Piping Hot Hush Puppies

We ate a lot of cornmeal based foods when I was
growing up because corn meal was cheap. In fact,
we could even take grain to the local mill and
have it ground into flour, meal, livestock feed,
etc. Cornbread or biscuits were almost always
served at any meal I attended at many houses in
the neighborhood. They were usually pretty good
too, although I preferred the lighter tasting
hush puppies. Eaten fresh out of the fryer, they
practically melted in your mouth. Here is my

2 cups yellow corn meal
1 cup plain flour (flour is what gave it the
lighter taste and you can experiment with the
amount you use if you want)
2 eggs
1 cup buttermilk (you can also use plain milk in
a pinch, but nothing compares to buttermilk)
3/4 teaspoon seasoned salt. I use Lowreys but just
about any brand will work as you are just looking
for something to spice things up a little
1/2 teaspoon ground pepper blend (again, the idea
is to spice things up a little).
1 teaspoon baking powder
2/3 teaspoon baking soda
1/8 cup bacon grease. This is another big key to
the flavor. In a pinch you can use other types
of cooking oil, but bacon is my favorite.

You also need some type of cooking oil to deep fry
these in. I usually use Crisco oil although peanut oil
and some of the lower fat oils work well too.

Mix all of the dry ingredients in a bowl. Add your
eggs, oil, and buttermilk. Stir it all up until
the flavors are thoroughly blended.

Turn your cooker on medium-high heat. When it's
hot you can drop your hush puppies in using a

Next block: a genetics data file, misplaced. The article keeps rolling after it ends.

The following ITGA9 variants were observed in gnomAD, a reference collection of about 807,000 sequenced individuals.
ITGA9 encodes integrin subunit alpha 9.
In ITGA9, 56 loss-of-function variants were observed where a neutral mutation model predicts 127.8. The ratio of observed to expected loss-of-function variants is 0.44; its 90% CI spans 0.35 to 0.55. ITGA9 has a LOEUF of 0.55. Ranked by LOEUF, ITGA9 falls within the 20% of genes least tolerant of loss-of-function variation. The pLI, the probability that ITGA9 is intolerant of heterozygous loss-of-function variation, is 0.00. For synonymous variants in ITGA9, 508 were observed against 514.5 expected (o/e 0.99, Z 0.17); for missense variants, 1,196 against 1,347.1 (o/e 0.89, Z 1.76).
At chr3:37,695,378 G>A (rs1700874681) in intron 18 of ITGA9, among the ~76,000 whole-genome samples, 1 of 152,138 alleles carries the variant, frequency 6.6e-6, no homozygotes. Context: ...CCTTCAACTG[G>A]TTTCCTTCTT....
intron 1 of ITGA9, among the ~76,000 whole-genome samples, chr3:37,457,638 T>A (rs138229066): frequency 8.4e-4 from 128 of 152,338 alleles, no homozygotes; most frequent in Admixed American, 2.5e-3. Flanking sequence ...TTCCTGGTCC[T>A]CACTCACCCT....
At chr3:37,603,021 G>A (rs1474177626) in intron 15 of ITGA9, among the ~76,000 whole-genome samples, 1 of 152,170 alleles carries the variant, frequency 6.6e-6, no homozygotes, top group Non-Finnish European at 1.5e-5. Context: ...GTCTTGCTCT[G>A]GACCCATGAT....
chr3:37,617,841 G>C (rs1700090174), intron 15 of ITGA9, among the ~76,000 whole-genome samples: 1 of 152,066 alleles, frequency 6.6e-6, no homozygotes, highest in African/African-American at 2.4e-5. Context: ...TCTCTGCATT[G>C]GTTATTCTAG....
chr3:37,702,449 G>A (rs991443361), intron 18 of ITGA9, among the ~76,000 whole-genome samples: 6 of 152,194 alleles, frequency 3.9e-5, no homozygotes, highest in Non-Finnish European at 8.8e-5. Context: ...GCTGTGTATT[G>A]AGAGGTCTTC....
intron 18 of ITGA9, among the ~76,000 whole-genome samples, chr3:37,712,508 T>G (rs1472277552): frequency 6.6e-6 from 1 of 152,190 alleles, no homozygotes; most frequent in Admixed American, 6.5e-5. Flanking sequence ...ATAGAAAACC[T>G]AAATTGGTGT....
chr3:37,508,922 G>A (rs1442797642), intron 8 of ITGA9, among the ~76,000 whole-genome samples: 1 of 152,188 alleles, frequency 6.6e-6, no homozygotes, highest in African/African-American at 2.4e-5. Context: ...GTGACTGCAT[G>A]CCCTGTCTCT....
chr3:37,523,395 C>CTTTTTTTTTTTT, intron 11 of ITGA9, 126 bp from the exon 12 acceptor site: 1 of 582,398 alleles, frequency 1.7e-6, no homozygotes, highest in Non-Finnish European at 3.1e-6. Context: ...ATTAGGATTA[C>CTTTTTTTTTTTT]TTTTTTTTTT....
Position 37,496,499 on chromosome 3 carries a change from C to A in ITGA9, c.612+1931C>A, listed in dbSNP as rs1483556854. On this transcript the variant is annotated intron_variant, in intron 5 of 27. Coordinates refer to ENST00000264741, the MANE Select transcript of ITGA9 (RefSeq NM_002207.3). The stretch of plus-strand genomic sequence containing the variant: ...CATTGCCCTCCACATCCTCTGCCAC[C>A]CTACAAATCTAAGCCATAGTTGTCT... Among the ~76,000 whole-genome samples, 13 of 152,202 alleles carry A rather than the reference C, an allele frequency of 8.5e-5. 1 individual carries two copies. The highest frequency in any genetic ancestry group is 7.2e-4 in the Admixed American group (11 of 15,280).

table spoon. Allow them to brown on all sides.
They should begin floating when done, but if they
don't, don't overcook them.

Serve as a side dish with just about any meal. I
loved eating them with fried catfish or fresh
chopped or pulled pork barbecue. Most of the local
resturants added them as a standard feature when you
bought plate meals.

After getting to Alaska, I visited a restaurant that
also added yellow corn to their hush puppies and a
touch of sugar. If you want to give this a try,
precook the corn, but don't overcook it. Use 3/4 cups
in the recipe above. On top of that add 2 table spoons
of white sugar. The recipe at the restaurant in
Alaska was so popular that customers often ordered
side orders to take home. I always though that it
tasted pretty good.

You can also store this mixture in the refrigerator
for a day or so if you are only cooking for a smaller
group. Before cooking let it reach near room

A Free Gift From The Soul Food Site - Get Delicious Soul Food and Old-Fashioned Recipes Free Each Day Via Email.

Join our free mailing list to swap recipes daily with other talented cooks.


Your Information Will Never Be Shared With Anyone!

Join our free mailing list to swap recipes daily with other talented cooks.

Do You Love Soul Food, Swapping Great Old-Fashioned Recipes, Southern Recipes, Comfort Foods, Or Soulfood Cooking?

Then you've come to the right place!

But FIRST, if you came here looking for my critically acclaimed soul food cookbook, Click Here!

After joining our list, please continue exploring this site. There are tons of recipes, back issues of some of our recipe list, and Willie has even written a soul food cookbook that you'd absolutely love. For more on the cookbook, click here!

Click here to see why LOTS of others love this list so!

  Sitemap | Sitemap II | Sitemap III | Chitterlings More Recipes | Search